• The Business and Intellectual Property Authority (BIPA) was established under the MITSMED to provide even more efficient services for intellectual property rights and the registration of businesses e.g. via a web-portal.
  • A Local Economic Development Agency was established, providing support services in particular to towns and municipalities.
  • The review of the SME Policy of 1997 has led to the new National MSME Policy launched in November 2016.
  • Ten sector growth strategies have be developed with MITSMED in 2016 for industries like agro-processing (Wood Charcoal, Wildlife Products, Swakara wool, Leather), Metal Fabrication, Gemstones, Handicrafts, and Cosmetics inter alia.
  • In 2017 a large number of concrete interventions has been implemented under a so-called “Annual Operational Plans” in the fields of primary production, transformation, product distribution and service delivery.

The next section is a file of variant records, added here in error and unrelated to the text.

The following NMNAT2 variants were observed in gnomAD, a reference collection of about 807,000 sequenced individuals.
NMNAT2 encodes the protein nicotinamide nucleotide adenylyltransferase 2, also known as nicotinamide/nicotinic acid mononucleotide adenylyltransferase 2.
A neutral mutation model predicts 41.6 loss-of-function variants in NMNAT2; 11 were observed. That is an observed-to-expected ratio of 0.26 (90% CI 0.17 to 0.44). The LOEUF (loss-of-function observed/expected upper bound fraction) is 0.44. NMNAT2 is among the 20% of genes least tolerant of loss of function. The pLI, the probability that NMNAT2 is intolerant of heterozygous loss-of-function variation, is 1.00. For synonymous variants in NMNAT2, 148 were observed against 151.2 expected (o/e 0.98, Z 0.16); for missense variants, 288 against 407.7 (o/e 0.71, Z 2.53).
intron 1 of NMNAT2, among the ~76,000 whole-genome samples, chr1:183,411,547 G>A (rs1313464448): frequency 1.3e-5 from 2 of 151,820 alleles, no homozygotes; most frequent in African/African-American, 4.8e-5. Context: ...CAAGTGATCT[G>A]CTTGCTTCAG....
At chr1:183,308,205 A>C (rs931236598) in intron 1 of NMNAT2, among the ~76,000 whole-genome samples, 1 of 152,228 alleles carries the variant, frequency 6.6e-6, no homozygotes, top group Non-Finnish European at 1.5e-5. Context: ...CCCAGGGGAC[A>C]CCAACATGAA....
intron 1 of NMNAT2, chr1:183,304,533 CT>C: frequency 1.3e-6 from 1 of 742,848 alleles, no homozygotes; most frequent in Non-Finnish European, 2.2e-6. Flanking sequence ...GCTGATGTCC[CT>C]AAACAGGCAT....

• The Bank of Namibia (BoN) has introduced a regulation for mobile payments, which will lead to reduced transaction costs, especially in rural areas. New regulations introduced an affordable basic bank account for low-income households and micro-entrepreneurs.
  • The Financial Literacy Initiative (FLI) provides basic financial education; more than 150.000 Namibians have been reached and about 1.000 SMEs trained on basic business financial management.
  • The FLI was fully institutionalised into the MoF. The platform is supported by more than 25 Platform Supporters from the public, private and civil society sector who also share FLI’s budget contributions.
  • Between 2007 and 2012, access of the general population to financial services increased from 47% to 65%.

Germany stands ready to continue assisting and accompanying Namibia on its development path and in its fight against poverty. During our last Government Negotiations on Development Cooperation in September this year the German side has almost doubled its commitment to Namibia from almost 75 to more than 133 million euros or 2.2 billion NAD for the coming year. Of this amount, 4.5 million euros or almost 75 million NAD are earmarked for sustainable economic development including industrialization. This shows that Germany remains committed to work with Namibia for a better future of its people.